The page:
Tax-code-reform blue-ribbon panels come and go regularly. And the code only gets bigger. But this panel could recommend drastic action; namely, abolition of the code as we know it.
What's the likelihood of that, replacing it with a flat tax or a sales tax or a VAT tax?
MR. BUCHANAN: Unfortunately, zero.
MR. MCLAUGHLIN: Zero chance. We're back where we were about three months ago.
MS. CLIFT: Zero. Pat's right.
MR. MCLAUGHLIN: Zero.
MR. BLANKLEY: I think there's a reasonable chance you're going to get some substantial change, but I don't think we're going to switch to a VAT, although it would make a lot of economic sense if we could get there.
MR. ZUCKERMAN: I say fortunately zero.
MR. MCLAUGHLIN: Fortunately zero?
MR. ZUCKERMAN: I think that would be another way of reimposing additional taxes on the middle class to the benefit of the wealthy, and I'm opposed to that.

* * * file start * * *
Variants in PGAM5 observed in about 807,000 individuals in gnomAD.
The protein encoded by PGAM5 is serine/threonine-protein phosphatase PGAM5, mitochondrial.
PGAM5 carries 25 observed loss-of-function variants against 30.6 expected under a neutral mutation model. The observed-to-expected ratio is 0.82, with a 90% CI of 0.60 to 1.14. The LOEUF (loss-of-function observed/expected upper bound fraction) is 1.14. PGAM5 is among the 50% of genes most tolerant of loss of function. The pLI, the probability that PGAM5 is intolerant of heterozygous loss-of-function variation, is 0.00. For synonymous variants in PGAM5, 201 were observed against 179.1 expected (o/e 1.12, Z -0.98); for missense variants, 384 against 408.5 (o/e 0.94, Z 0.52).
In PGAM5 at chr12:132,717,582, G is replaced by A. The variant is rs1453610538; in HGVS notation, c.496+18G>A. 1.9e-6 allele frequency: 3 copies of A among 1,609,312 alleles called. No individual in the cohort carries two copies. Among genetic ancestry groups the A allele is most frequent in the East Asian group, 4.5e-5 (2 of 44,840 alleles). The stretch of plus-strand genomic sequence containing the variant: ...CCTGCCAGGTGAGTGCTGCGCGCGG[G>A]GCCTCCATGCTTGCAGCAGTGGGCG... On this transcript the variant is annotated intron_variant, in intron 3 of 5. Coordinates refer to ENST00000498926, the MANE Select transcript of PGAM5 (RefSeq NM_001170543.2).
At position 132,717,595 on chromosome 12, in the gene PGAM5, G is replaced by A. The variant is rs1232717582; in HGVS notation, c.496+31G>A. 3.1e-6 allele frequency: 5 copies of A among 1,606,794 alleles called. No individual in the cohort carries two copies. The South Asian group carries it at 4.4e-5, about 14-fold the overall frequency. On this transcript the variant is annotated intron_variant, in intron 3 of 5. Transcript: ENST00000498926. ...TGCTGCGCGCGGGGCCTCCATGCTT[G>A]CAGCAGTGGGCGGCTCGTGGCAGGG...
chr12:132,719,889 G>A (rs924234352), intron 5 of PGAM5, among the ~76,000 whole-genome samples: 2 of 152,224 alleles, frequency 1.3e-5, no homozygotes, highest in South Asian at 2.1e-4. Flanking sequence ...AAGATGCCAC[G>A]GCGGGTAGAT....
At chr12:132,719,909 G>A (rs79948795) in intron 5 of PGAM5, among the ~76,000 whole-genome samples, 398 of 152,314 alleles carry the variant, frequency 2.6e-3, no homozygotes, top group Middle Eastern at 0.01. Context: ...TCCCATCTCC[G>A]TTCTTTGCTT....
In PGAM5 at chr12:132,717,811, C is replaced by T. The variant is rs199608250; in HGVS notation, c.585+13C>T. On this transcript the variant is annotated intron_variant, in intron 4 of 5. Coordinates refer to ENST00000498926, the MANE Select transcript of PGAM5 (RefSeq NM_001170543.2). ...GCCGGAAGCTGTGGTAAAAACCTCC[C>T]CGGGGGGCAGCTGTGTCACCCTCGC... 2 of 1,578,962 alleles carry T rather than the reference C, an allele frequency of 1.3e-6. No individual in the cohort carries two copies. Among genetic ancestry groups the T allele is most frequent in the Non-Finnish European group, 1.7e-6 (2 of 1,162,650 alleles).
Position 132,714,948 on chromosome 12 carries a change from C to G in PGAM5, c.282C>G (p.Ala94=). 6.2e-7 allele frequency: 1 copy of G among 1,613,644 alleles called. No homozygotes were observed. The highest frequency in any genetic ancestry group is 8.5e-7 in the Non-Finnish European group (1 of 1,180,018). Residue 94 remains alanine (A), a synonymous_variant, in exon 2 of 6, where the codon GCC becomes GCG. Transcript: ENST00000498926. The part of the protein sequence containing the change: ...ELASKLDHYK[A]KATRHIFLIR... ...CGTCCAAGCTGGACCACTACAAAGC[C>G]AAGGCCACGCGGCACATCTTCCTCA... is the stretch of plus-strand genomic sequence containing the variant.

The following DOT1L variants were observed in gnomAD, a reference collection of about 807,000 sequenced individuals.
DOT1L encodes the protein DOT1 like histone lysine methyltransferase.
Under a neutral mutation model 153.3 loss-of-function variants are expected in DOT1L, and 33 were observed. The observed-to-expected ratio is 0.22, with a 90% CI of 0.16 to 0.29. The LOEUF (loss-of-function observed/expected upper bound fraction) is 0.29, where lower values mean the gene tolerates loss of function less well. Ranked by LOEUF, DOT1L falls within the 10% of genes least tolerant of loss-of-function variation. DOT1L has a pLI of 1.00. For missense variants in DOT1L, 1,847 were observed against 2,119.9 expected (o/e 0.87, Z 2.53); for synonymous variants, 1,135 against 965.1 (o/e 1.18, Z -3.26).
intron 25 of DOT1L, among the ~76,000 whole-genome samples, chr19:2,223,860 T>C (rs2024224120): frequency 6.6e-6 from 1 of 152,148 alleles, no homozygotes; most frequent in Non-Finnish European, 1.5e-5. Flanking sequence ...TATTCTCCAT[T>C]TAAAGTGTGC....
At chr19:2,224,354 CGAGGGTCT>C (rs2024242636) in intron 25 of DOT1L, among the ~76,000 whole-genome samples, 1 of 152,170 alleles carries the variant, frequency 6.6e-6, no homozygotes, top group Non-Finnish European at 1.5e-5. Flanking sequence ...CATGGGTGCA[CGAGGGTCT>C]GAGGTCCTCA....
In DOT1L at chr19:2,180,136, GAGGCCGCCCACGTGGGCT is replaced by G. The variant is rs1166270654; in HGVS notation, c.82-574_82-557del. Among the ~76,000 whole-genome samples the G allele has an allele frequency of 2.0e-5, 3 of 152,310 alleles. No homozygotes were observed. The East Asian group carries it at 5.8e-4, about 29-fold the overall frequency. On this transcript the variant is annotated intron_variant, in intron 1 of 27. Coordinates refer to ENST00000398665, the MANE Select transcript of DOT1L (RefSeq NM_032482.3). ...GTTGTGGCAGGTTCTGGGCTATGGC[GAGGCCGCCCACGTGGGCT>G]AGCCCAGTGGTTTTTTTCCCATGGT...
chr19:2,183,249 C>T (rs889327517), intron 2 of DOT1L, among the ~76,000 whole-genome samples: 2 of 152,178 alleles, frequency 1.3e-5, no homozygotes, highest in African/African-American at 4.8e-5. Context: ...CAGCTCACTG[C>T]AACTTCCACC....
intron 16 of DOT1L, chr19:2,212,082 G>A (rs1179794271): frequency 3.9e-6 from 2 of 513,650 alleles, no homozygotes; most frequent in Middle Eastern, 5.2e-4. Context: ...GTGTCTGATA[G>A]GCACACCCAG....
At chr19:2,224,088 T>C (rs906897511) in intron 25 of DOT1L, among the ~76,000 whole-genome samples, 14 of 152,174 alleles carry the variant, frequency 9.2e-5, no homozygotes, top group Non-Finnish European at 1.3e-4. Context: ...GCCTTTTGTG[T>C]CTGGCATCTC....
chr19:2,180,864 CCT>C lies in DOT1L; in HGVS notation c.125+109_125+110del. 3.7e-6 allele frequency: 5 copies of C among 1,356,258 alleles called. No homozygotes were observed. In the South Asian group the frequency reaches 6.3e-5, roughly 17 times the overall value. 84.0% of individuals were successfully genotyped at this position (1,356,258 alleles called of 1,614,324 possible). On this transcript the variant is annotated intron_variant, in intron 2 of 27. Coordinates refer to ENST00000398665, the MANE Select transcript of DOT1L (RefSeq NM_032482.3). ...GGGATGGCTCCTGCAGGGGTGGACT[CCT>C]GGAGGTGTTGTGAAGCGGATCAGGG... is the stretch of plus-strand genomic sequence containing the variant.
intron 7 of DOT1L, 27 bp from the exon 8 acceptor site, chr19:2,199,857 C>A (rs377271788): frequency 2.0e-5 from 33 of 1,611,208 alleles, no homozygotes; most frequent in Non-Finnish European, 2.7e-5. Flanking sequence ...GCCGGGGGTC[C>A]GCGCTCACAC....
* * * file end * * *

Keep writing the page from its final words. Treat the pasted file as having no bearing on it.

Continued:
MR. MCLAUGHLIN: The chairman favors a consumption tax, which --
MR. ZUCKERMAN: The chairman of the Fed has some very interesting ideas about taxes, which I have to say has not enhanced his reputation.
MR. MCLAUGHLIN: The answer is zero, as usual.
Issue Four: Fonda's Regret.
JANE FONDA: (From videotape.) I'm sorry that I was photographed sitting on an anti-aircraft gun -- me. That image made soldiers think that I was against American soldiers. When I was walking away, it hit me what that would look like. And I asked them to destroy the
pictures, but there must have been 50 photographers. It should have been a red flag to me, because I've never seen that many photographers.
I think it hurt a lot of people, and I'm very, very sorry. And I will go to my grave regretting that lapse of judgment. It was terrible.
MR. MCLAUGHLIN: Question: Is it time to let bygones be bygones on the Jane Fonda Vietnam issue? Who wants this?
MR. BLANKLEY: Let me start off and say that for me -- I don't think it's up to me or you. I think it's up to the Vietnam vets. They're the ones who have standing to give her -- to accept her apology. I'm sure that she is sincere. She got converted. She came to Jesus religiously. And I don't doubt that she is completely